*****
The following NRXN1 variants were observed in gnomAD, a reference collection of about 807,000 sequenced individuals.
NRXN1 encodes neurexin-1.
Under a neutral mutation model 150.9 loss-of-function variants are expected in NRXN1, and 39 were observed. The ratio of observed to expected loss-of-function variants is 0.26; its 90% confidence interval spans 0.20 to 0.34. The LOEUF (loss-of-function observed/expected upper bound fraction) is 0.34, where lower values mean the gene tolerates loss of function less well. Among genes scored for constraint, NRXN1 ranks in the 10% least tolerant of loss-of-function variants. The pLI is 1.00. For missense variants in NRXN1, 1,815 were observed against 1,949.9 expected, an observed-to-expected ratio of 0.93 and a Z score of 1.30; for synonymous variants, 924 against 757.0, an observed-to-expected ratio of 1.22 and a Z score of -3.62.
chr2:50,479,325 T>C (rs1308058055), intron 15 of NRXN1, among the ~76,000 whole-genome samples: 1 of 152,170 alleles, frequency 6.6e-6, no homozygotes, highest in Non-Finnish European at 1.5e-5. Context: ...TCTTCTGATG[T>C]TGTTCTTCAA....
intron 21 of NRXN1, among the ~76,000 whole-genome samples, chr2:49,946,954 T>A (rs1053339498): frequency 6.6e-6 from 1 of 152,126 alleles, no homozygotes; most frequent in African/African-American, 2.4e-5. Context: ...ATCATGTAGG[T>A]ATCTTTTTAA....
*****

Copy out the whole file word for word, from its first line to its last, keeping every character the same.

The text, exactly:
The following NRXN1 variants were observed in gnomAD, a reference collection of about 807,000 sequenced individuals.
NRXN1 encodes neurexin-1.
Under a neutral mutation model 150.9 loss-of-function variants are expected in NRXN1, and 39 were observed. The ratio of observed to expected loss-of-function variants is 0.26; its 90% confidence interval spans 0.20 to 0.34. The LOEUF (loss-of-function observed/expected upper bound fraction) is 0.34, where lower values mean the gene tolerates loss of function less well. Among genes scored for constraint, NRXN1 ranks in the 10% least tolerant of loss-of-function variants. The pLI is 1.00. For missense variants in NRXN1, 1,815 were observed against 1,949.9 expected, an observed-to-expected ratio of 0.93 and a Z score of 1.30; for synonymous variants, 924 against 757.0, an observed-to-expected ratio of 1.22 and a Z score of -3.62.
chr2:50,479,325 T>C (rs1308058055), intron 15 of NRXN1, among the ~76,000 whole-genome samples: 1 of 152,170 alleles, frequency 6.6e-6, no homozygotes, highest in Non-Finnish European at 1.5e-5. Context: ...TCTTCTGATG[T>C]TGTTCTTCAA....
intron 21 of NRXN1, among the ~76,000 whole-genome samples, chr2:49,946,954 T>A (rs1053339498): frequency 6.6e-6 from 1 of 152,126 alleles, no homozygotes; most frequent in African/African-American, 2.4e-5. Context: ...ATCATGTAGG[T>A]ATCTTTTTAA....